Hip-Hop Comes Back to WHRB

By BERNARD L. PARHARM

CRIMSON STAFF WRITER



Once upon a time, Harvard radio was a hip-hop Mecca. This past semester, a handful of students tried to bring back the glory.

During the mid-1980s and early 1990s, the WHRB hip-hop department—known as “The Dark Side”—hosted “Street Beat,” one of college radio’s seminal rap programs. The show also spawned a campus newsletter by the same name, which later became one of the premier journals of hip hop culture: “The Source.”

Darius P. Felton ’08 and Sam D. G. Jacoby ’08, the department’s current directors, recall the halcyon days of Harvard’s hip-hop prominence: “‘The Dark Side’ was a very vibrant presence at Harvard,” Jacoby says. “WHRB has old station IDs recorded by N.W.A.-era Dr. Dre, De La Soul, and other rap icons.”

Ironically, Harvard’s foray into hip-hop ended just as the genre reached its cultural zenith. Hip-hop music was no longer prominently featured in WHRB’s broadcast lineup by the mid-90s—the era that saw Tupac Shakur, Notorious B.I.G., and the “Gangsta-Funk” aesthetic attain success as pop music—and “The Dark Side” faded into obscurity.

Jacoby speculates that the rapid chart ascendancy of rap music in the mid-90s was precisely why it fell out of favor with WHRB DJs.

“I think the lack of interest in rap during those years was the result of there being no real underground hip-hop scene,” he says. “Part of what college radio should do is spotlight overlooked artists.”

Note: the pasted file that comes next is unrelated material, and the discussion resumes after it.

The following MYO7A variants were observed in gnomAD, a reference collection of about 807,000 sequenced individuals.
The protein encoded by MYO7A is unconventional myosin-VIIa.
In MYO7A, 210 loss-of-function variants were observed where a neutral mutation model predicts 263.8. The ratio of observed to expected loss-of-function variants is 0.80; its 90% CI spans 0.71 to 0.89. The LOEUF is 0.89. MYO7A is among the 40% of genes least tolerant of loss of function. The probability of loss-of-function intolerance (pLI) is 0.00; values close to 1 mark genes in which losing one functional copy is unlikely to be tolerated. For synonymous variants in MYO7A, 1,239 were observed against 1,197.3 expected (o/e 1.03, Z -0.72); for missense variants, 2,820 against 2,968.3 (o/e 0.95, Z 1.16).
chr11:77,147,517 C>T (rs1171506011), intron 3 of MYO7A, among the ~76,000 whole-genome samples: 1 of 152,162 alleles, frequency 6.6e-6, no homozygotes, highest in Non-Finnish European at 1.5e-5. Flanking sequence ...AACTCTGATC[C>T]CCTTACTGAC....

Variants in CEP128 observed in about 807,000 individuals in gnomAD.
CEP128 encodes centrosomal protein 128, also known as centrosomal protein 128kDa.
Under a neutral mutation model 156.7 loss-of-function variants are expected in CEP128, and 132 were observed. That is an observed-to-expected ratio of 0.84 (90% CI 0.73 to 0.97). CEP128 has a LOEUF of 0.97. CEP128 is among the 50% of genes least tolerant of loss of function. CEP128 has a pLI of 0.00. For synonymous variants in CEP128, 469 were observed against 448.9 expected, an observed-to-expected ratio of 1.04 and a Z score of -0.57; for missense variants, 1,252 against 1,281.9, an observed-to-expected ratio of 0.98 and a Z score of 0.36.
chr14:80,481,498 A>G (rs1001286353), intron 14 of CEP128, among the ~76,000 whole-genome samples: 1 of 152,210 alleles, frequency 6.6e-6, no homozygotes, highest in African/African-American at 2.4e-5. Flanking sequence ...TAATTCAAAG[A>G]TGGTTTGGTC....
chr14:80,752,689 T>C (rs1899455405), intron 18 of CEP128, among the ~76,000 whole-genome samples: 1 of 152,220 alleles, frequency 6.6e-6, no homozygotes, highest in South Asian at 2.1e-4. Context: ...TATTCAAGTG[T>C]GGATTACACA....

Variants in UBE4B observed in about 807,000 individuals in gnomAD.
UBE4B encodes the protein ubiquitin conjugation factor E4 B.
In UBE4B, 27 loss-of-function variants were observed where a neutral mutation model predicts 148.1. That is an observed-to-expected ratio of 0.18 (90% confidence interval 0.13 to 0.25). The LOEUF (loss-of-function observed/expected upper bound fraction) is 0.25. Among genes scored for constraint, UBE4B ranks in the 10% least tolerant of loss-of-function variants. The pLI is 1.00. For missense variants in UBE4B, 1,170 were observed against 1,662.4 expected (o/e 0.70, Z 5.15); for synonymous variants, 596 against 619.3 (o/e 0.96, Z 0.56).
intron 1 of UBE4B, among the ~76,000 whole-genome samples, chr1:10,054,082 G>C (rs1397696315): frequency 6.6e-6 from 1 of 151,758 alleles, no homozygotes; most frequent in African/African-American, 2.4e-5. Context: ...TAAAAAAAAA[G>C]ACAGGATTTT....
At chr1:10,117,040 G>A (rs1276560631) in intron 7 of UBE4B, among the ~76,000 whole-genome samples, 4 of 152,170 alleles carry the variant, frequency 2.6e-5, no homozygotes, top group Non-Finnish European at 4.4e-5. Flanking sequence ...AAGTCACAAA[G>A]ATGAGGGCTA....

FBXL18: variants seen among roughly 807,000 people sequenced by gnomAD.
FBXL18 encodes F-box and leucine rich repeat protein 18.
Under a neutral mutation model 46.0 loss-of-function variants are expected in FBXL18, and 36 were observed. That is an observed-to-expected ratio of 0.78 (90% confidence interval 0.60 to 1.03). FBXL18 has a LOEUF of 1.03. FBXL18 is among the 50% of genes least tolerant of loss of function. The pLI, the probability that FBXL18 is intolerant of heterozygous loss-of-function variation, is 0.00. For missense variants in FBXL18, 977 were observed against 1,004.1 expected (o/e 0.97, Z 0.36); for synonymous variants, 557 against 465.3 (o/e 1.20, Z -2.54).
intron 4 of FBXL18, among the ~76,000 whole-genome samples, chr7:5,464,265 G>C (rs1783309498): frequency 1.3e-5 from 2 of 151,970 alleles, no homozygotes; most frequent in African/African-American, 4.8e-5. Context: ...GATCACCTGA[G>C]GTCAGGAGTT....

But now, perhaps paradoxically, given hip-hop’s current preeminence in the music business, Felton, Jacoby and a new generation of student DJs and MCs are attempting to restore hip-hop’s airspace at Harvard. This semester saw the inaugural broadcast of the newly resurrected “Dark Side.”

Though hip-hop continues to dominate popular culture, Felton cites the burgeoning existence of an independent rap scene as justification for revived radio coverage.

“Artists like Aesop Rock and Little Brother, that operate under the mainstream radar, are the kinds of acts we are going to feature,” he says.

The main obstacle to reassembling WHRB’s hip-hop department was dismantling its original replacement: the moribund “Black Urban Contemporary” department.

Felton explains, “When I began working at WHRB there was a shadow of a hip-hop department called ‘Black Urban Contemporary.’ But there was no new music coming into the department, and it wasn’t very organized—it was just a few kids who enjoyed hip-hop.”

To that end, Felton and Jacoby—in conjunction with members of WHRB’s indie-rock department, “Record Hospital”—designed a hip-hop comp in order to attract and train knowledgeable DJs. They also began to seek out new music from hip-hop labels while undertaking the massive project of labeling and filing thousands of vinyl LPs accumulated during the old days.

Now that the department is more established, its ambitious directors are drafting plans to extend the show’s influence beyond Harvard’s borders.

“We’re looking to hold a freestyle open to local MCs and Harvard students in conjunction with Massive Records [a Mass. Ave vintage record shop],” Jacoby says.

It could be that this incarnation of “The Dark Side” is poised to restore Harvard as a nexus of hip-hop culture. Just don’t call it a comeback.

“The Darker Side” can be heard on WHRB 95.3 from 9:00 p.m. until 6:00 a.m. on Saturday nights and from 12:00 a.m. until 4:00 a.m. on Sunday mornings.

—Staff writer Bernard L. Parham can be reached at parham@fas.harvard.edu.